One-half of Yorkshire’s all-conquering triathlon duo is the only man qualified to represent Great Britain at this summer’s rearranged Games, with double defending Olympic champion Alistair still to confirm his spot.
Both men have said this will be their final Olympics over the traditional triathlon distance, an event they have dominated for nearly a decade.
Alistair is more certain that his future lies in the longer distances, with Jonny – bronze medallist in 2012 and silver medallist four years later – set to follow his brother into half-ironman and then possibly the full-ironman.
But even then, Jonny tells The Yorkshire Post: “I’ll never say never,” about whether Tokyo will be his last.
“Alistair told me 2016 would be his last one and look where we are now,” he said with a laugh. “But I think I’ll be ready for a new challenge.”
Which means the next 100 days – it is actually 103 days to the men’s triathlon in Odaiba Marine Park – will be all about that one last final shot at the only title to elude him.
“Absolutely this will be the hardest,” says the younger Brownlee, who turns 31 at the end of this month. “In 2012 we were first and second in the world, it was our home Olympics and we were obviously the favourites.
“By 2016, both of us had had a dodgy year beforehand; I had a stress fracture, Alistair had hurt his ankle, but we showed that when we were in shape we were the best in the world. So again we were favourites and the course suited us.
“This time around I’ve not had the best couple of years, so I’m not going in as a favourite. But after a couple of good years of training I genuinely believe I am a medal contender. I wouldn’t be going if I didn’t believe I was. In some ways it will be actually quite nice to go to the Olympics and not have that favourite’s tag. I’ve carried that for the last two, so it will be nice going in knowing that my preparation has gone as well as it possibly can, and that I’m on that startline knowing that I can win an Olympic medal.”
Brownlee has kept motivated despite the lack of races due to the coronavirus pandemic.
While Alistair had a small pool built in his garage, Jonny put radiators in his conservatory to create a ‘heat chamber’ for his cycling training to prepare for the oppressive heat of Japan.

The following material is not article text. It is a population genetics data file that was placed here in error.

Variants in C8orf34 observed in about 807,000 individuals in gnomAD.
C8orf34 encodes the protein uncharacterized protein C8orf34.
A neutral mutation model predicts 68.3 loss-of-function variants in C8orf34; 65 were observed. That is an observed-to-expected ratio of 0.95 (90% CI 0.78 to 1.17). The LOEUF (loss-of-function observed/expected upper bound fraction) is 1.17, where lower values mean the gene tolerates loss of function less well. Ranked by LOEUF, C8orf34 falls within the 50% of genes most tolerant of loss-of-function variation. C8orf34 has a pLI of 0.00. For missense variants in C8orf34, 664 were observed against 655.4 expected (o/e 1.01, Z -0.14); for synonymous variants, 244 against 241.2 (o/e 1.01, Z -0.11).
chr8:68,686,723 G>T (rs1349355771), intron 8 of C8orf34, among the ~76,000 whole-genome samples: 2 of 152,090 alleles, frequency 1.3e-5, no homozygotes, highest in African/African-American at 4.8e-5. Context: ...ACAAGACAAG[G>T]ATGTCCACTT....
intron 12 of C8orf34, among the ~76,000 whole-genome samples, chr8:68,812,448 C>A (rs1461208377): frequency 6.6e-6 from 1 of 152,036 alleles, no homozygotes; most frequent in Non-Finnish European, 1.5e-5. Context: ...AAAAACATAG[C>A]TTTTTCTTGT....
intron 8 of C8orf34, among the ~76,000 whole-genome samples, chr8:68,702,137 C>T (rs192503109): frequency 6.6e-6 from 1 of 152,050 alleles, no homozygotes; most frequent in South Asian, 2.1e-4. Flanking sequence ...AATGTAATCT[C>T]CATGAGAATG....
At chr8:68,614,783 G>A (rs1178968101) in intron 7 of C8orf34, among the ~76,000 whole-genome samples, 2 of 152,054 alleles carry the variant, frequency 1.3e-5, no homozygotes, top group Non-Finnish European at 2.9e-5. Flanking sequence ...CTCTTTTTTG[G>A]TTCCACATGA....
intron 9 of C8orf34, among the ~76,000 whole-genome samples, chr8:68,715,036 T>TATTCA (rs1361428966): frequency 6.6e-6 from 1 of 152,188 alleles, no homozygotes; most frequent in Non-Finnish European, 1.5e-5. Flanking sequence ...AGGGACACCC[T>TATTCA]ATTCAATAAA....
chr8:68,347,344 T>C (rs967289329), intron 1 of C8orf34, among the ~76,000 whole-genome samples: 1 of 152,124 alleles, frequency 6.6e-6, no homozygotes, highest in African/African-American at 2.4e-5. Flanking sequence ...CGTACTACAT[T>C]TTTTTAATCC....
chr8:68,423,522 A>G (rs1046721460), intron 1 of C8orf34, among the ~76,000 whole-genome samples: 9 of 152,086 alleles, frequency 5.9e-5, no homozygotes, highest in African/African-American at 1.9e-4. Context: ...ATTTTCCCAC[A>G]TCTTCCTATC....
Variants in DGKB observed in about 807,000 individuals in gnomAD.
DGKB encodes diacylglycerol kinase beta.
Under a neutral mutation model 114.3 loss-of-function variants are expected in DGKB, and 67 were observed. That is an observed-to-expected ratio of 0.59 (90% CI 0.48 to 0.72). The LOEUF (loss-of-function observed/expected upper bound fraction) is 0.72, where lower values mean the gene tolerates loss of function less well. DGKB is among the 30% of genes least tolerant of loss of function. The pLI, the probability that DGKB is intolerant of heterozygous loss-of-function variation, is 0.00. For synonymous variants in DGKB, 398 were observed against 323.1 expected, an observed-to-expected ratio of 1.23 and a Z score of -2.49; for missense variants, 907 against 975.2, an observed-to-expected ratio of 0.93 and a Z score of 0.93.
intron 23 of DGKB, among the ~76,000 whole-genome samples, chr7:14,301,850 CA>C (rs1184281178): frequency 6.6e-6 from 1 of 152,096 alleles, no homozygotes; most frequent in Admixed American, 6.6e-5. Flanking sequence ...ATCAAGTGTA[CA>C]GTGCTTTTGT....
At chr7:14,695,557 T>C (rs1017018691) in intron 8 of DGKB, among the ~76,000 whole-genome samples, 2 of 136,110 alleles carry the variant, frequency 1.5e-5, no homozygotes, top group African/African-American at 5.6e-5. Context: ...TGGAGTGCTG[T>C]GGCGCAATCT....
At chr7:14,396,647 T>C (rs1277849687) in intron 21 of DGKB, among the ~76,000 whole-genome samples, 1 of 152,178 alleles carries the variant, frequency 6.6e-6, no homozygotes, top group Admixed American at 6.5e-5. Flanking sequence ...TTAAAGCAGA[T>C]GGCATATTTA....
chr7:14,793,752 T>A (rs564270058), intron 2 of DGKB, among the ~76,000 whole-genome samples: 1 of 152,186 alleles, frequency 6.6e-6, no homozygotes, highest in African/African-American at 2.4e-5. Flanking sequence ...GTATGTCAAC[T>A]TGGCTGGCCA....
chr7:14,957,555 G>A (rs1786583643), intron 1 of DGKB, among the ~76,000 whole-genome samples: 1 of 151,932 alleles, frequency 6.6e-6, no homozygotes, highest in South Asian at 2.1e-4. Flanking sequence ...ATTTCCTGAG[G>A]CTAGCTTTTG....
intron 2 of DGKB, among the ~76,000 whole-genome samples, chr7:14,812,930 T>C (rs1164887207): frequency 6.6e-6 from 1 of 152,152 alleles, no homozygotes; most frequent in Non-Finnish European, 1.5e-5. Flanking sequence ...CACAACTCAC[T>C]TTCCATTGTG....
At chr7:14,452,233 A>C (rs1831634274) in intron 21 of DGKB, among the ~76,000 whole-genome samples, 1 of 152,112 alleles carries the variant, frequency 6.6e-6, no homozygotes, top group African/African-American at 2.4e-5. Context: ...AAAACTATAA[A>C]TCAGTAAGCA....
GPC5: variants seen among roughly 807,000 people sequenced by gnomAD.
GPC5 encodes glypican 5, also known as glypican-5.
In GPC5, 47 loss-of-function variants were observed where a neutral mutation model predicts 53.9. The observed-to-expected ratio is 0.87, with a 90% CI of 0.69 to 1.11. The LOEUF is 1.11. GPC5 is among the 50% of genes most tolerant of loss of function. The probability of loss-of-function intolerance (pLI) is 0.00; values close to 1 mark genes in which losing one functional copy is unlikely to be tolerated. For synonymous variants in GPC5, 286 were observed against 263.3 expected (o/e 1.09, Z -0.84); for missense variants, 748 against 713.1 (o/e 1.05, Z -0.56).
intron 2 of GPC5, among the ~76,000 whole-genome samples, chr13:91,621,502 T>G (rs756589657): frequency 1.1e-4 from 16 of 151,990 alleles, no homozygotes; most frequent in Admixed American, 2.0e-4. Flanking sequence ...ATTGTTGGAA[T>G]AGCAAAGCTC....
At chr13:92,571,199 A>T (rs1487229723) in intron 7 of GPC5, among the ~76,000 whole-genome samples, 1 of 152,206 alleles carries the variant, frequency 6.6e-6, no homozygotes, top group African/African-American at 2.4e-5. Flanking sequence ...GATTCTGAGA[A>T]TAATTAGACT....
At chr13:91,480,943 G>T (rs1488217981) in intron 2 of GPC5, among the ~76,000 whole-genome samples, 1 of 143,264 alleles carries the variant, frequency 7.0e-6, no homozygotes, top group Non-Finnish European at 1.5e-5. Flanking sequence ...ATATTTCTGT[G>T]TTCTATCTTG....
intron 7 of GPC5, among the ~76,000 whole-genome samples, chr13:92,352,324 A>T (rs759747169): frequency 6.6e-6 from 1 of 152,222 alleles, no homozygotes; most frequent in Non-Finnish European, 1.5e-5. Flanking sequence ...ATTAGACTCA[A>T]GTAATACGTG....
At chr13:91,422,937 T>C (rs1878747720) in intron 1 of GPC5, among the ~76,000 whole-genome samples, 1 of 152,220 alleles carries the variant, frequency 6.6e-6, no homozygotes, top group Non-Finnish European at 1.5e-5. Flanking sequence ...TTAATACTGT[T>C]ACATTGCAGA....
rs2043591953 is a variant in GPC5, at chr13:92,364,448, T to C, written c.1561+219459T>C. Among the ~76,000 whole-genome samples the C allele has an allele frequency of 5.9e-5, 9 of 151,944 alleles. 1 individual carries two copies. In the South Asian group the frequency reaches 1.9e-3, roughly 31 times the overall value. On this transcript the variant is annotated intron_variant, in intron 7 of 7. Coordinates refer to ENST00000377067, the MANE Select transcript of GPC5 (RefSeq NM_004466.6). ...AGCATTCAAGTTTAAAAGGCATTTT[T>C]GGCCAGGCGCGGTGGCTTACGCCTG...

The brothers have also decamped to Santa Fe, New Mexico, for altitude training. “I’m excited, I really want to see what I can do one last time,” says Jonny. “It’s the main reason I’m going to altitude again, because if I want to win an Olympic medal I have to prepare really well.”
If he is to finally take that top step, or indeed just win another medal in the men’s race or the newly-added team triathlon, past experience will play a part.
“Our experience should help massively,” says Brownlee. “This year has been such an unpredictable year, people are wondering is it on or is it off? What’s preparation going to be like? How many races will there be beforehand? Some people are coming to the end of their careers and this might be the last shot at an Olympic medal.
“To be able to prepare the best I can, but have two Olympic medals in the my pocket already, will be a big advantage.”
Team GB Chef de Mission, Mark England said: “With just 100 days until the Tokyo 2020 Olympic Games our preparations are progressing really well. Understandably, we have had to adapt to the changing climate and make some changes to our plans and we are fortunate that facilities such as our Preparation Camp and Performance Lodge will be safe, secure and fully functional thanks to all of our stakeholders in Japan.
“Team GB will be around 370 athletes strong, and we are still on course to qualify more women than men which is a brilliant opportunity for us to make history in Tokyo and will hopefully be a source of great inspiration for women and girls back at home.
“We have every confidence that we are going to take a very strong team to the Games, which I believe will be a unique and special chance to celebrate sport and humanity globally.”
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